Mother Language Day offers hope to linguistic-minority students
May, Fah and Muey look like ordinary Thai girls, perhaps a bit shorter and shyer than many of their classmates at Chiang Mai Rajabaht University. But thanks to a new teacher recruitment programme, they are superheroes in the making. And today is their day.
Commemorated annually on February 21, the United Nations International Mother Language Day celebrates the world’s 7, 117 languages. This year’s theme “Fostering multilingualism for inclusion in education and in society” highlights how acceptance of cultural diversity can help build healthier and more resilient communities.
Thailand is a case in point. Far from being a monolingual nation, the country’s 70 million citizens speak more than 70 mother tongues. Many of these languages are found in remote border villages such as the Karen, Hmong and Lahu communities where May, Fah and Muey grew up. May’s mother tongue, for example, is Sgaw Karen, while Fah grew up speaking Hmong and Muey Lahu.
Some of the widest social gaps in Thailand are connected to language and ethnicity. Research by the National Statistical Office and UNICEF revealed that only 65 per cent of ethnic youth aged 15-24 are literate—far below the national average of 98 per cent. Oxford University’s Poverty and Human Development Initiative found that Mae Hong Son Province, where ethnic minority people comprise 60 per cent of the population, has the highest severity of multidimensional poverty in the nation. Ethnic minority children in the northern and southern border provinces consistently post the lowest scores in Ministry of Education national exams.
Thai researchers have discovered that such children learn Thai better if their early education is based on their mother tongue. Hmong children in Chiang Rai in a Hmong-Thai multilingual education programme scored much higher in Ministry of Education Thai language literacy assessments across grades 1-5 than their peers in Thai-only schools. Essays written by Patani Malay-speaking third graders who first learned to read and write in their mother tongue and then transitioned to Thai displayed a more extensive Thai vocabulary and richer variety of Thai sentence structures than Patani Malay children elsewhere in the Deep South who were taught exclusively in Thai.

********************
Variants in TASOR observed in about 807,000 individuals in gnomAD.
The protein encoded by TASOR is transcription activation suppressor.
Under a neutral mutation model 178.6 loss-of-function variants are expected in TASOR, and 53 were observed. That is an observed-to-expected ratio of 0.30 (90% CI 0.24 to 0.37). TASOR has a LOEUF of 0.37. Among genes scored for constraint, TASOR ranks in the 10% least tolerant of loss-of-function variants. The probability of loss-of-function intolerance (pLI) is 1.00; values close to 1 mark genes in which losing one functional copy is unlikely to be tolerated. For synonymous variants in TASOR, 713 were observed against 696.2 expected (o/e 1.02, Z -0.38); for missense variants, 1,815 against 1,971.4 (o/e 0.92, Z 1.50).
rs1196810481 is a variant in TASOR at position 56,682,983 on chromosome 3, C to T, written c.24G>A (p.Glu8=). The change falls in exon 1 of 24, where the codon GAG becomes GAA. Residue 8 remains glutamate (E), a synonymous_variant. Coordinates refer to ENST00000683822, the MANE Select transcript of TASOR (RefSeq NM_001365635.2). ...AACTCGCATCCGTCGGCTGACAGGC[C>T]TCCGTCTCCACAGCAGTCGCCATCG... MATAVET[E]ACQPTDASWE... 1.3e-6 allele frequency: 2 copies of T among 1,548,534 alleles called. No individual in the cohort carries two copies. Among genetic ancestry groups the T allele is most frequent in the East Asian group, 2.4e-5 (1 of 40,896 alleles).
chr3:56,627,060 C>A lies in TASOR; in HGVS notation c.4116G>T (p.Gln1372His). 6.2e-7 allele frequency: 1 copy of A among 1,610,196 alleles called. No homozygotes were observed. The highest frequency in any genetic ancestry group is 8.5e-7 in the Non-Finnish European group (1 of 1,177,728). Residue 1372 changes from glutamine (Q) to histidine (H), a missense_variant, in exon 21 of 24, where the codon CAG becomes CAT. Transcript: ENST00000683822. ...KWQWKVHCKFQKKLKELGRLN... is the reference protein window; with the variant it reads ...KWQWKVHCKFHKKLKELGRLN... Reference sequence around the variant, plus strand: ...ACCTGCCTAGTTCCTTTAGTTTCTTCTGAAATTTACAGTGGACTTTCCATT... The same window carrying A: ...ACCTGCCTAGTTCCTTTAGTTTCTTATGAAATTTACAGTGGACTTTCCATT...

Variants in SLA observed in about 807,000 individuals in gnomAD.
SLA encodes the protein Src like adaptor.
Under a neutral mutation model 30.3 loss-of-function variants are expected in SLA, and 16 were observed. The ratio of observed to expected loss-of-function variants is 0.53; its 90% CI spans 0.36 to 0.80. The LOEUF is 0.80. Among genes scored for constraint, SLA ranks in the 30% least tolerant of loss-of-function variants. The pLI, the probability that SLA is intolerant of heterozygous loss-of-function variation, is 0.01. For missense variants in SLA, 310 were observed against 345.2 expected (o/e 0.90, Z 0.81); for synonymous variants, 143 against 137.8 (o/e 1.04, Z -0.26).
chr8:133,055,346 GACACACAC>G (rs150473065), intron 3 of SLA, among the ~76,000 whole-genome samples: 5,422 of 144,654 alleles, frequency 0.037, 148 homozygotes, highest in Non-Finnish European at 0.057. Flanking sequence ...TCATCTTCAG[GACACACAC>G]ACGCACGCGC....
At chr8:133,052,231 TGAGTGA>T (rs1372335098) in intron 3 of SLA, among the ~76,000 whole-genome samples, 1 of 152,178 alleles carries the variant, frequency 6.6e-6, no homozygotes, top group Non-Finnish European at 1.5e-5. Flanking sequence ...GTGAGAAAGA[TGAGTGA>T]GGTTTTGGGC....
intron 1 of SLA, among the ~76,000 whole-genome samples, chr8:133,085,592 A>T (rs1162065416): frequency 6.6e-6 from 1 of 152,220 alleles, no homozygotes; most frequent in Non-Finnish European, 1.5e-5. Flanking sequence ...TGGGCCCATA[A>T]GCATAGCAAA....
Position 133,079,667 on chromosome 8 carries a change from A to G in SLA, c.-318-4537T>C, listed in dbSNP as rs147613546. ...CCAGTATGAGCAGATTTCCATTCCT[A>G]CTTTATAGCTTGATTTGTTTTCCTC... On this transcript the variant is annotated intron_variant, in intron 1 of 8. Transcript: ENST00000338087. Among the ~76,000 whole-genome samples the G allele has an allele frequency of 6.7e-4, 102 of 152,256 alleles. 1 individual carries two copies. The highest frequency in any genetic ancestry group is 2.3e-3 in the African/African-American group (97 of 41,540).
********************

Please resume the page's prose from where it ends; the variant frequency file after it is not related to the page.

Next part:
Thailand’s mother tongue-based multilingual education programmes have received international acclaim, winning the 2016 UNESCO King Sejong Literacy Award and Honorable Commendation from the UNESCO Wenhui Award for Educational Innovation in both 2013 and 2017. They have been featured in numerous United Nations-sponsored conferences and international academic journals.
These accomplishments have not gone unnoticed. The Ministry of Education’s National Education Plan (2017) supports “teaching and learning by integrating the curriculum in accordance with local languages, cultures, and local society”. Other policies encourage the preservation of languages spoken by ethnic minority children in “highland areas, remote beaches and islands”. The Royal Society of Thailand’s draft national language policy, currently under cabinet consideration, envisions a multilingual nation where citizens are fluent in their mother tongues, Thai and international languages. And Thailand was one of the first nations in Asia-Pacific to affirm the Bangkok Statement on Language and Inclusion, which emerged from high level discussions facilitated by UNESCO and UNICEF just prior to the pandemic.
May, Fah and Muey are beneficiaries the Equitable Education Fund’s “Homegrown Teacher” Programme, which provides hundreds of teenagers from remote areas with university scholarships, mentoring and the promise of a teaching job in their home village after graduation and licensure. From Monday through Friday, they take the normal university classes required of all future teachers. On weekends, they learn practical skills such as gardening and organic soap making. During the summer, they will receive specialized training on mother tongue-based multilingual education and innovative techniques for teaching Thai to ethnic minority children.
Like their future pupils, May, Fah and Muey did not speak Thai when they started kindergarten. They learned Thai the slow way, repeating words learned by rote from their teachers and reading phonetically without understanding the meaning. Until they were about 12, all three did everything possible to avoid conversations with their teachers, none of whom spoke their mother tongues.
That is where the “homegrown teachers” have an immense advantage over urban teachers from top universities, simply by being able to converse with their students. As cultural insiders, they will be able to rally community support for education. They will be models for the next generation, who otherwise might never meet a university graduate from their own ethnic group. And in so doing, they will contribute to Thailand’s national development.
With young people like May, Fah and Muey, coupled with innovative, evidence-driven education policies, Thailand is positioned to become a model multilingual nation, where citizens of all ethnic backgrounds are accepted, appreciated and successful. That would be a true cause for celebration—and not just on International Mother Language Day.
Kirk R. Person, PhD, is a Senior Literacy and Education Consultant with SIL International, and a member of the Asia-Pacific Multilingual Education Working Group, hosted by UNESCO Bangkok.
* This article was first published in The Bangkok Post